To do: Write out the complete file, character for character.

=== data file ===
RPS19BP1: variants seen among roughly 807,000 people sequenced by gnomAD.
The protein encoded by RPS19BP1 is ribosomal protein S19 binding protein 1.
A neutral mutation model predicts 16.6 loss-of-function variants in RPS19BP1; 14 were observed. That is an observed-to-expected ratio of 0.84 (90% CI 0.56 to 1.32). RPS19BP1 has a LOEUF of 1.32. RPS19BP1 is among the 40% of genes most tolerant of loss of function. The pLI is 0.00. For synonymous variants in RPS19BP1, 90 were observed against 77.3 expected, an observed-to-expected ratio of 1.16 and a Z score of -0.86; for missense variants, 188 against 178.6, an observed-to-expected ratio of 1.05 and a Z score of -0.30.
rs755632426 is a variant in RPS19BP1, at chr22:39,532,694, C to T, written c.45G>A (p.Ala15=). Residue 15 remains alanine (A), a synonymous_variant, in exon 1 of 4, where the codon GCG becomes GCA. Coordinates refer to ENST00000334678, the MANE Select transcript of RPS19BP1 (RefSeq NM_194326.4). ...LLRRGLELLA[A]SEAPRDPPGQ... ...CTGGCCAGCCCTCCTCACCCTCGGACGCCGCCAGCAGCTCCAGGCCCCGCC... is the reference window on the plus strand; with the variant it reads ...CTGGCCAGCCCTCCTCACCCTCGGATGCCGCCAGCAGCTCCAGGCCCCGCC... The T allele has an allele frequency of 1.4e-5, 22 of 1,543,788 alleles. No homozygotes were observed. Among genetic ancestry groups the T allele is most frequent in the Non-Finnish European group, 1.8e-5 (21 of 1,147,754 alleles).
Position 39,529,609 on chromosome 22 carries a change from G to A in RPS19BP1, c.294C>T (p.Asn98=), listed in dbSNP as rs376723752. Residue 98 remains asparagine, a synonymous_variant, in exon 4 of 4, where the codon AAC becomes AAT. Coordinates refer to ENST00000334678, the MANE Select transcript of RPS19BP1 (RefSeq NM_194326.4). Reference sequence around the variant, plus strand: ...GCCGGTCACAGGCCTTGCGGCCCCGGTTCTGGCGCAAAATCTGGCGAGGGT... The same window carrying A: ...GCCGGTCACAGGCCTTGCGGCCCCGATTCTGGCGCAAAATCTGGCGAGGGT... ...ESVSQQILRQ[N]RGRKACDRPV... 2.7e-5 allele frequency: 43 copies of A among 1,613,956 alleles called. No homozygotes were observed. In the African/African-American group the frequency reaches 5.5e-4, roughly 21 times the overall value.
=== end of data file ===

RPS19BP1: variants seen among roughly 807,000 people sequenced by gnomAD.
The protein encoded by RPS19BP1 is ribosomal protein S19 binding protein 1.
A neutral mutation model predicts 16.6 loss-of-function variants in RPS19BP1; 14 were observed. That is an observed-to-expected ratio of 0.84 (90% CI 0.56 to 1.32). RPS19BP1 has a LOEUF of 1.32. RPS19BP1 is among the 40% of genes most tolerant of loss of function. The pLI is 0.00. For synonymous variants in RPS19BP1, 90 were observed against 77.3 expected, an observed-to-expected ratio of 1.16 and a Z score of -0.86; for missense variants, 188 against 178.6, an observed-to-expected ratio of 1.05 and a Z score of -0.30.
rs755632426 is a variant in RPS19BP1, at chr22:39,532,694, C to T, written c.45G>A (p.Ala15=). Residue 15 remains alanine (A), a synonymous_variant, in exon 1 of 4, where the codon GCG becomes GCA. Coordinates refer to ENST00000334678, the MANE Select transcript of RPS19BP1 (RefSeq NM_194326.4). ...LLRRGLELLA[A]SEAPRDPPGQ... ...CTGGCCAGCCCTCCTCACCCTCGGACGCCGCCAGCAGCTCCAGGCCCCGCC... is the reference window on the plus strand; with the variant it reads ...CTGGCCAGCCCTCCTCACCCTCGGATGCCGCCAGCAGCTCCAGGCCCCGCC... The T allele has an allele frequency of 1.4e-5, 22 of 1,543,788 alleles. No homozygotes were observed. Among genetic ancestry groups the T allele is most frequent in the Non-Finnish European group, 1.8e-5 (21 of 1,147,754 alleles).
Position 39,529,609 on chromosome 22 carries a change from G to A in RPS19BP1, c.294C>T (p.Asn98=), listed in dbSNP as rs376723752. Residue 98 remains asparagine, a synonymous_variant, in exon 4 of 4, where the codon AAC becomes AAT. Coordinates refer to ENST00000334678, the MANE Select transcript of RPS19BP1 (RefSeq NM_194326.4). Reference sequence around the variant, plus strand: ...GCCGGTCACAGGCCTTGCGGCCCCGGTTCTGGCGCAAAATCTGGCGAGGGT... The same window carrying A: ...GCCGGTCACAGGCCTTGCGGCCCCGATTCTGGCGCAAAATCTGGCGAGGGT... ...ESVSQQILRQ[N]RGRKACDRPV... 2.7e-5 allele frequency: 43 copies of A among 1,613,956 alleles called. No homozygotes were observed. In the African/African-American group the frequency reaches 5.5e-4, roughly 21 times the overall value.